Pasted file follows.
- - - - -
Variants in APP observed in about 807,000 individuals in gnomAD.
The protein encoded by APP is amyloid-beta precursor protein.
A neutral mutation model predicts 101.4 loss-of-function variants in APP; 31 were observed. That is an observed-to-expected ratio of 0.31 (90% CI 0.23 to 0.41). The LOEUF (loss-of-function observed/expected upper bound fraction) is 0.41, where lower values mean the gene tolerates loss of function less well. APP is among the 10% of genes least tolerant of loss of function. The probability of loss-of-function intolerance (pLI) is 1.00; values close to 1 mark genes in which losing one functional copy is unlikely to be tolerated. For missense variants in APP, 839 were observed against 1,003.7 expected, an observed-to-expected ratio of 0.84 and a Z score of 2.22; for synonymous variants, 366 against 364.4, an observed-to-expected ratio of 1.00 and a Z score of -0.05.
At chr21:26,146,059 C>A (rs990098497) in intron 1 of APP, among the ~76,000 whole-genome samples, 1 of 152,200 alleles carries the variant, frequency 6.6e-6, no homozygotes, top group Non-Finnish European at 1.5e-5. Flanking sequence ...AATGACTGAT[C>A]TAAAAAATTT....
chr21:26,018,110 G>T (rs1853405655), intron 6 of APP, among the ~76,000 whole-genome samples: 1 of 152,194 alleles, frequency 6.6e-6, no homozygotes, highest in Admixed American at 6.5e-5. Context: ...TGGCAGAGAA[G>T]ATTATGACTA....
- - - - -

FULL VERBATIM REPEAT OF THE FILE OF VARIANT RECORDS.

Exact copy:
Variants in APP observed in about 807,000 individuals in gnomAD.
The protein encoded by APP is amyloid-beta precursor protein.
A neutral mutation model predicts 101.4 loss-of-function variants in APP; 31 were observed. That is an observed-to-expected ratio of 0.31 (90% CI 0.23 to 0.41). The LOEUF (loss-of-function observed/expected upper bound fraction) is 0.41, where lower values mean the gene tolerates loss of function less well. APP is among the 10% of genes least tolerant of loss of function. The probability of loss-of-function intolerance (pLI) is 1.00; values close to 1 mark genes in which losing one functional copy is unlikely to be tolerated. For missense variants in APP, 839 were observed against 1,003.7 expected, an observed-to-expected ratio of 0.84 and a Z score of 2.22; for synonymous variants, 366 against 364.4, an observed-to-expected ratio of 1.00 and a Z score of -0.05.
At chr21:26,146,059 C>A (rs990098497) in intron 1 of APP, among the ~76,000 whole-genome samples, 1 of 152,200 alleles carries the variant, frequency 6.6e-6, no homozygotes, top group Non-Finnish European at 1.5e-5. Flanking sequence ...AATGACTGAT[C>A]TAAAAAATTT....
chr21:26,018,110 G>T (rs1853405655), intron 6 of APP, among the ~76,000 whole-genome samples: 1 of 152,194 alleles, frequency 6.6e-6, no homozygotes, highest in Admixed American at 6.5e-5. Context: ...TGGCAGAGAA[G>T]ATTATGACTA....